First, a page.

- \(f\) is concave on \(I\) if and only if \(f''(x) \leq 0 \ \forall x \in I.\)

The proof of this can be found here.

For example, for \(f(x)=x^2\) we have \(f'(x)=2x,\) so \(f''(x)=2>0\) for all \(x\in\mathbb{R}\). So the function is convex everywhere on the graph. Similarly for \(f(x)=-x^2\) we have \(f''(x)=-2<0\) for all \(x\in\mathbb{R}\). So the function is concave everywhere on the graph.

Since we've been talking so much about \(f(x)=x^2\), let's apply Jensen's on it. We've already shown that it's convex everywhere. We choose reals \(x_1=1, x_2=2,...,x_n=n\). Applying Jensen's we get

\[\begin{align} \dfrac{f\left(x_1\right)+f\left(x_2\right)+\cdots+f\left(x_n\right)}{n} &\ge f\left(\dfrac{x_1+x_2+\cdots+x_n}{n}\right) \\ \dfrac{f\left(1\right)+f\left(2\right)+\cdots+f\left(n\right)}{n} &\ge f\left(\dfrac{1+2+\cdots+n}{n}\right) \\ \dfrac{1^2+2^2+\cdots+n^2}{n} &\ge f\left(\frac{\frac{n(n+1)}{2}}{n}\right) \\ \frac{\frac{n(n+1)(2n+1)}{6}}{n} &\ge f\left(\dfrac{n+1}{2}\right) \\ \dfrac{(n+1)(2n+1)}{6}&\ge \left(\dfrac{n+1}{2}\right)^2 \\ n &\ge 1 . \end{align}\]

## Special Cases of Jensen's Inequality

AM-GM inequality (amithmetic mean-geometric mean inequality) is one of the special cases of Jensen's inequality:

\[\frac{\sum_{i=1}^n a_i}{n} \geq \sqrt[n]{\prod_{i=1}^n a_i}.\]

Consider the function \(f(x) = \log x \ \forall x > 0.\)

Observe that \(f^{\prime\prime}(x) = \frac{-1}{x^2} < 0\). Then \(f(x)\) turns out to be a concave function. \((\)Also notice that we can conclude \(f(x)\) is concave using the graph of \(\log x.)\) Thus, by Jensen's inequality we have

\[\begin{align} f\left(\frac{ \sum_{i=1}^n a_i}{n}\right) & \geq \frac{\sum_{i=1}^n f\left(a_i\right)}{n} \\ \Rightarrow \log \left(\frac{\sum_{i=1}^n a_i}{n}\right) & \geq \frac{\sum_{i=1}^n \log a_i }{n}. \end{align}\]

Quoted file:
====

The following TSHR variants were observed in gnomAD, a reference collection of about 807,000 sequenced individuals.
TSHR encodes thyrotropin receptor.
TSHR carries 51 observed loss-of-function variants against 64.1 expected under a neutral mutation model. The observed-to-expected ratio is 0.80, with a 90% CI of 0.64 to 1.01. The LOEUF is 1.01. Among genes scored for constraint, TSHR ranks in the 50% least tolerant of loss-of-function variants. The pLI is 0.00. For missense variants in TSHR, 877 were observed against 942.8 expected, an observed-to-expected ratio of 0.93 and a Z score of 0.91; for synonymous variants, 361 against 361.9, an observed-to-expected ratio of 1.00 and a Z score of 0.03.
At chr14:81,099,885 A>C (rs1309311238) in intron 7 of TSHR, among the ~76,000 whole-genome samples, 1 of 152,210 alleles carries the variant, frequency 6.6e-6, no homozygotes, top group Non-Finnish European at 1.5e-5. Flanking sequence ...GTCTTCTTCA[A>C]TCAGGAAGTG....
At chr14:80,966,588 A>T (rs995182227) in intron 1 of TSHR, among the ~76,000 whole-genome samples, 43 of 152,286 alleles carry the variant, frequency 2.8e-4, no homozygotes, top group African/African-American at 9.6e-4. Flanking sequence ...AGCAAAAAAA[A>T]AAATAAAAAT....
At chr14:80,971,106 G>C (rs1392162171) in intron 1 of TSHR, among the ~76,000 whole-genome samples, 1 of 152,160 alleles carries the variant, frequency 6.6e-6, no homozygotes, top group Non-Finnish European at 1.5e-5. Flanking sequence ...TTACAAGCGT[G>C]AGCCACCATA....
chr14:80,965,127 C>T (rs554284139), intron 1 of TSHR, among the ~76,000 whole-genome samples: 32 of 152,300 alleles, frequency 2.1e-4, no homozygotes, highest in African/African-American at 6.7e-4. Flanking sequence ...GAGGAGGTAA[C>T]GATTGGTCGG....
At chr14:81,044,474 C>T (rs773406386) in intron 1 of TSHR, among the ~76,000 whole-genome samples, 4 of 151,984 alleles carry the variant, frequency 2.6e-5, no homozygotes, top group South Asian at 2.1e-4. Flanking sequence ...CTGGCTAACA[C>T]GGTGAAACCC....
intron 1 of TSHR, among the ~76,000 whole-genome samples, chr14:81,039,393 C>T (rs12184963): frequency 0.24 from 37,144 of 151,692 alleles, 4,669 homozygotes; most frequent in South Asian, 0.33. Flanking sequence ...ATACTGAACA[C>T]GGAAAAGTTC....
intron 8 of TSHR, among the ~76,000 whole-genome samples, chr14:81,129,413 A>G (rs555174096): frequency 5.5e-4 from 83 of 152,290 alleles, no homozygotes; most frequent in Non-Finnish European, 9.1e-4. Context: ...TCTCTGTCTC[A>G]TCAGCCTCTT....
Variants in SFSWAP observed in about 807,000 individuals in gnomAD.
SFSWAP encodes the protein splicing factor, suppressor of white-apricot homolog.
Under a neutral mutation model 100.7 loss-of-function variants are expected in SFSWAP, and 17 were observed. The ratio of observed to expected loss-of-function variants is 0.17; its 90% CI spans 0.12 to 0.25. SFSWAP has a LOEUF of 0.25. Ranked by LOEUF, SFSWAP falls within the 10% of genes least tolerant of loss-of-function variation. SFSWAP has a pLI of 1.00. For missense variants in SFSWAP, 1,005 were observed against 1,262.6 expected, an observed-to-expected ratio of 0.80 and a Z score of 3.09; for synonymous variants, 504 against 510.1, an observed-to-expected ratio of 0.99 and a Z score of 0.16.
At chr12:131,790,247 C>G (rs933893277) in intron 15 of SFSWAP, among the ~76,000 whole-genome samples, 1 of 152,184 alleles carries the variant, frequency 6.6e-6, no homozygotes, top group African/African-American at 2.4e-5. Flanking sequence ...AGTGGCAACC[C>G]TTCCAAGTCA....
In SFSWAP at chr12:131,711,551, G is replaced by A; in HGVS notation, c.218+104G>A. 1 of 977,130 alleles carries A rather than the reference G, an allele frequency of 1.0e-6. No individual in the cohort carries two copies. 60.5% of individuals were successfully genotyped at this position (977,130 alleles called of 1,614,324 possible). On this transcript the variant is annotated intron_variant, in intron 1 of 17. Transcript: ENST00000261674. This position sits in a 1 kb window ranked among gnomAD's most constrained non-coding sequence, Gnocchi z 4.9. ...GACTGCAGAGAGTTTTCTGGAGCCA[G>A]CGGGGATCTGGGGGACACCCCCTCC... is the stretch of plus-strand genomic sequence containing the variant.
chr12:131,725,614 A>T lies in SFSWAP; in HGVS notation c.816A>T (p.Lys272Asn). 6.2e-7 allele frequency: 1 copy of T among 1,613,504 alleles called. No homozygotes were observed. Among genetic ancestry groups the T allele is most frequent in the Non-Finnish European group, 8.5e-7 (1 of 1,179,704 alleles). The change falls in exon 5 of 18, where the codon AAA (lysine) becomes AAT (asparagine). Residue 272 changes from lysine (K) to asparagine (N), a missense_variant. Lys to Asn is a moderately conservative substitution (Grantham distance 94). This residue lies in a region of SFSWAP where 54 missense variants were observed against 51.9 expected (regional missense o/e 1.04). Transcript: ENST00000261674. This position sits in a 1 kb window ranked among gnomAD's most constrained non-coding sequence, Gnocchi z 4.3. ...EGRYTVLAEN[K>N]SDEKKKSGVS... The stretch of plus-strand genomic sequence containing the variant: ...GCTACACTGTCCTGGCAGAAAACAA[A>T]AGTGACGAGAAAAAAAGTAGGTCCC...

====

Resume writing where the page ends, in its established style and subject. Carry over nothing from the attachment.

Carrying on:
By the property of logarithms, \(\log x + \log y = \log xy\) and \(b\log a = \log a^b\). Therefore, we can simplify the terms on the RHS as

\[\begin{align} \log \left(\dfrac{\sum_{i=1}^n a_i}{n}\right) & \geq \dfrac{\sum_{i=1}^n \log a_i}{n} \\ & = \dfrac{\log a_1+\log a_2 + \cdots + \log a_n }{n} \\ & = \dfrac{\log \left(a_1 a_2 a_3 \cdots a_n\right)}{n} \\ & = \log \left(\prod_{i=1}^n a_i\right)^{\frac{1}{n}}. \end{align}\]

Taking antilogarithm, we get our desired result. \(_\square\)

## Prove that for all \(n\in\mathbb{N},\)

\[\] \[\sqrt{1^2+1}+\sqrt{2^2+1}+\cdots +\sqrt{n^2+1}\ge \dfrac{n}{2}\sqrt{n^2+2n+5}.\]

Notice that on the left side \((\)denoted \(L)\) we have a sum of same terms with some different arguments, so we should think of applying Jensen's with the common form as a function. Define the function \(f(x)=\sqrt{x^2+1}.\) We can find the second derivative, but that's not needed if we observe that for \(x\to \infty\), we have \(f(x)=\sqrt{x^2+1}\to |x|\). So the graph should look like that of \(y=|x|\), V-shaped with a little curve at the bottom and thus convex.

Now we are ready to apply Jensen's with reals \(x_1=1,x_2=2,...,x_n=n\). We get

\[\begin{align} \dfrac{f\left(x_1\right)+f\left(x_2\right)+\cdots+f\left(x_n\right)}{n} &\ge f\left(\dfrac{x_1+x_2+\cdots+x_n}{n}\right) \\ \dfrac{f\left(1\right)+f\left(2\right)+\cdots+f\left(n\right)}{n} &\ge f\left(\dfrac{1+2+\cdots+n}{n}\right) \\ \dfrac{\sqrt{1^2+1}+\sqrt{2^2+1}+\cdots+\sqrt{n^2+1}}{n} &\ge f\left(\dfrac{n(n+1)/2}{n}\right) \\ &= f\left(\dfrac{n+1}{2}\right) \\ &= \sqrt{\left(\dfrac{n+1}{2}\right)^2+1} \\ &= \dfrac{1}{2}\sqrt{n^2+2n+5}. \end{align}\]

Hence, \(L\ge \dfrac{n}{2}\sqrt{n^2+2n+5},\) completing the proof. \(_\square\)

## Applications of Jensen's Inequality

\[\dfrac{1}{a}+\dfrac{1}{b}+\dfrac{1}{c} = a+b+c\]

Let \(a,b,c\) be positive real numbers such that the above equation is satisfied. If the maximum value of the expression below is in the form of \( \frac {m}{n} ,\) where \(m,n\) are coprime positive integers, what is \(m+n?\)

\[\dfrac{1}{\left(2a+b+c\right)^2}+\dfrac{1}{\left(2b+c+a\right)^2}+\dfrac{1}{\left(2c+b+a\right)^2} \]

## See Also

**Cite as:**Jensen's Inequality.

*Brilliant.org*. Retrieved from https://brilliant.org/wiki/jensens-inequality/